We have been known to make the occasional comic.
Snow isn't really a guarantee where I live, so the novelty typically associated with its arrival is further compounded. If you are a young person for whom the base novelty (Bn) of the product has not wavered, and this mysterious residue has the power to keep you home from school, we cannot wonder at its psychic grip on our youth.
But if you've always lived here, and then became an adult via the usual process, you never had an opportunity to learn the admittedly counter-intuitive sort of driving that will allow you to not destroy your car. Or my car. I'm placing special emphasis on the second part. So I'm going to type this at home.
In the same way that Platformers or Tower Defense used to be the thing the indie coterie would chew up and then fashion into elaborate geometries, we are one hundred percent up to our ass in roguelikes.
I spent a bunch of time last weekend trying to figure out Amplitude's Dungeon of the Endless. The "Endless" are up one side and down the other of Endless Space, by the same developer, a game of the sort we once called "4x" but someone has probably generated a more unwieldy, less descriptive term for. I never played as much Endless Space as I wanted to. I have a specific kind of brain problem where I might play a game the same amount as a normal, healthy person in aggregate, but it's actually just me playing the first hour over and over again until I get it perfect. Writing this paragraph resulted in my playing a lot more of it actually, and liking it, because they've taken an uncommon kind of care. It's not nearly as fiddly as this genre seems to demand, but that is a matter of personal preference. There's worldbuilding everywhere, and commentary on virtually every human endeavor, sneaking around as flavor text. That's what I liked before, and there was more than I remembered.
So every game from Amplitude Studios, or planned game, exists in a shared universe; this means that the characters running around in Dungeon of the Endless eventually forget how they came to be there, forming a new culture, which ultimately emerges in Endless Space as The Vaulters. These Vaulters might might even discover the planet Auriga over the course of a game, the world which is their ancestral home, where the forthcoming Endless Legend takes place. Or, took place? I'm a sucker for this kind of stuff, I don't mind saying so, and if they are going to put as much affection into their games as they have thus far then I am content to be the opposite pole of this Love Battery.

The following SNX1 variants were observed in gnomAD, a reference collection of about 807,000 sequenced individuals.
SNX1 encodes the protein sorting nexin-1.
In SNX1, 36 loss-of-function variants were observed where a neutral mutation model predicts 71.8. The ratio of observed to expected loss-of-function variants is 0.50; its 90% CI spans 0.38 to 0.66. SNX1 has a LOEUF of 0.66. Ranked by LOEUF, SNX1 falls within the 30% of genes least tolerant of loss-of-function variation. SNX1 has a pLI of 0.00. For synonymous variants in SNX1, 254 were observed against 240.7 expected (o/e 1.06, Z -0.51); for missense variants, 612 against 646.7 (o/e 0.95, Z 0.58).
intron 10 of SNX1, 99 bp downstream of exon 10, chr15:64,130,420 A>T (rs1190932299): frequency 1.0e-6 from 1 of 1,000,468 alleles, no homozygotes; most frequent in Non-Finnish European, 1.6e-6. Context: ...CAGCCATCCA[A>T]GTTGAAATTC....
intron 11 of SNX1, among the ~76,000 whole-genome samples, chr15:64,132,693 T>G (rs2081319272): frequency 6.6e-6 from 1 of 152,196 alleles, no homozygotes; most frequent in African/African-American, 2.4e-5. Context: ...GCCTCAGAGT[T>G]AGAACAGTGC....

Dungeon of the Endless is a roguelike, which is to say it is like Rogue. Where it goes left instead of right is in your ability to customize the rooms you discover with all manner of things, including various blueprints you find during your travels, in addition to increasing the resources you get for discovering rooms, which is drawn over from their 4x experience. A special note must be made on its presentation: pixel art, but not like you know it, with delicious, mad ratios and music I can hear even now.
It's beautiful, but it's in Alpha, which gets back to the unfinished thing we were talking about before. I doubt there will be any number in any field anywhere in the game that won't receive attention before release. I don't have a full conception of what Steam Early Release means to me yet, other than to say that it is essentially Kickstarter sans the elaborate social media metagame. And it provides bridge funding for Kickstarters successful and otherwise, so I think it's probably vital. Sometimes I play games which are not done, and I don't entirely know how I am supposed to contextualize that, other than to make it as plain as possible. In the end, though, if it allows weirdos to bring passion projects like this into my house with a couple clicks, I sort of have to make peace.